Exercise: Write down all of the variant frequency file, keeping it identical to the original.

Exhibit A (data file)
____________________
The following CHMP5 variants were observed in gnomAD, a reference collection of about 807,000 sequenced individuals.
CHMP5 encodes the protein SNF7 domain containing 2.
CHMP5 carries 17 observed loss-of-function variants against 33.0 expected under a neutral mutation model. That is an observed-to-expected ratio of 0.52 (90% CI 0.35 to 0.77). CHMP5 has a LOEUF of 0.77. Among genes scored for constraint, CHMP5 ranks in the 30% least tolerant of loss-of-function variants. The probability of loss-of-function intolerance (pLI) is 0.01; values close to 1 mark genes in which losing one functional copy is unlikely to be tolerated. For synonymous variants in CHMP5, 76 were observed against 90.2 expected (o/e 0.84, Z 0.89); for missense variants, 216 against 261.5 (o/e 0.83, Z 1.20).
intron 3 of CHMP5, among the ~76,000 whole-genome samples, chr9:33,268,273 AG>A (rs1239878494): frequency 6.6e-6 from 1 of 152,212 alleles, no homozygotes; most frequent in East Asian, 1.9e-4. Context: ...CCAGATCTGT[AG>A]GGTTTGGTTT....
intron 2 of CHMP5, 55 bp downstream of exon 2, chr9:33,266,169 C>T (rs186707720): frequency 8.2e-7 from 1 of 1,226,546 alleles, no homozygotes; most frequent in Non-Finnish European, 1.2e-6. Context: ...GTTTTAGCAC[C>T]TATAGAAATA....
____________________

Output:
The following CHMP5 variants were observed in gnomAD, a reference collection of about 807,000 sequenced individuals.
CHMP5 encodes the protein SNF7 domain containing 2.
CHMP5 carries 17 observed loss-of-function variants against 33.0 expected under a neutral mutation model. That is an observed-to-expected ratio of 0.52 (90% CI 0.35 to 0.77). CHMP5 has a LOEUF of 0.77. Among genes scored for constraint, CHMP5 ranks in the 30% least tolerant of loss-of-function variants. The probability of loss-of-function intolerance (pLI) is 0.01; values close to 1 mark genes in which losing one functional copy is unlikely to be tolerated. For synonymous variants in CHMP5, 76 were observed against 90.2 expected (o/e 0.84, Z 0.89); for missense variants, 216 against 261.5 (o/e 0.83, Z 1.20).
intron 3 of CHMP5, among the ~76,000 whole-genome samples, chr9:33,268,273 AG>A (rs1239878494): frequency 6.6e-6 from 1 of 152,212 alleles, no homozygotes; most frequent in East Asian, 1.9e-4. Context: ...CCAGATCTGT[AG>A]GGTTTGGTTT....
intron 2 of CHMP5, 55 bp downstream of exon 2, chr9:33,266,169 C>T (rs186707720): frequency 8.2e-7 from 1 of 1,226,546 alleles, no homozygotes; most frequent in Non-Finnish European, 1.2e-6. Context: ...GTTTTAGCAC[C>T]TATAGAAATA....